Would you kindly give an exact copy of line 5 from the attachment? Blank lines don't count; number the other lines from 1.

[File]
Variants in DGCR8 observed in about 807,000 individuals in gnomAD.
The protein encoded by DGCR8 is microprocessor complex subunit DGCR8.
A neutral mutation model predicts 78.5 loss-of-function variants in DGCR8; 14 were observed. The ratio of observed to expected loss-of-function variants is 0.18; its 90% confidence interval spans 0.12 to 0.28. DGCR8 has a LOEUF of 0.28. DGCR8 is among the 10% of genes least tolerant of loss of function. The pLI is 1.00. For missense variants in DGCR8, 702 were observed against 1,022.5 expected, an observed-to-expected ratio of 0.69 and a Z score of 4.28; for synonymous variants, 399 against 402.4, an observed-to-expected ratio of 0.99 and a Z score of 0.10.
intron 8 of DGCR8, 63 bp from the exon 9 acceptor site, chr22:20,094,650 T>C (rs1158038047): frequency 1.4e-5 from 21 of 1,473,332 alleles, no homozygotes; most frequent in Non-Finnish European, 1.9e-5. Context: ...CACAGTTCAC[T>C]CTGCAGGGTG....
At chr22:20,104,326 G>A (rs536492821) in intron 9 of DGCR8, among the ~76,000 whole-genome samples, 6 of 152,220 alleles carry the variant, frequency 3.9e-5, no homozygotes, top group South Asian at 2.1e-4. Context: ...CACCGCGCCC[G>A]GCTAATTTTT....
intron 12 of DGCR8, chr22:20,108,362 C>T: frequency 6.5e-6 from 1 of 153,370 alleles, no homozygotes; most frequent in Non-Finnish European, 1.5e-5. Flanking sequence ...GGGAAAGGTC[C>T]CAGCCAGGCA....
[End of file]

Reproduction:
At chr22:20,104,326 G>A (rs536492821) in intron 9 of DGCR8, among the ~76,000 whole-genome samples, 6 of 152,220 alleles carry the variant, frequency 3.9e-5, no homozygotes, top group South Asian at 2.1e-4. Context: ...CACCGCGCCC[G>A]GCTAATTTTT....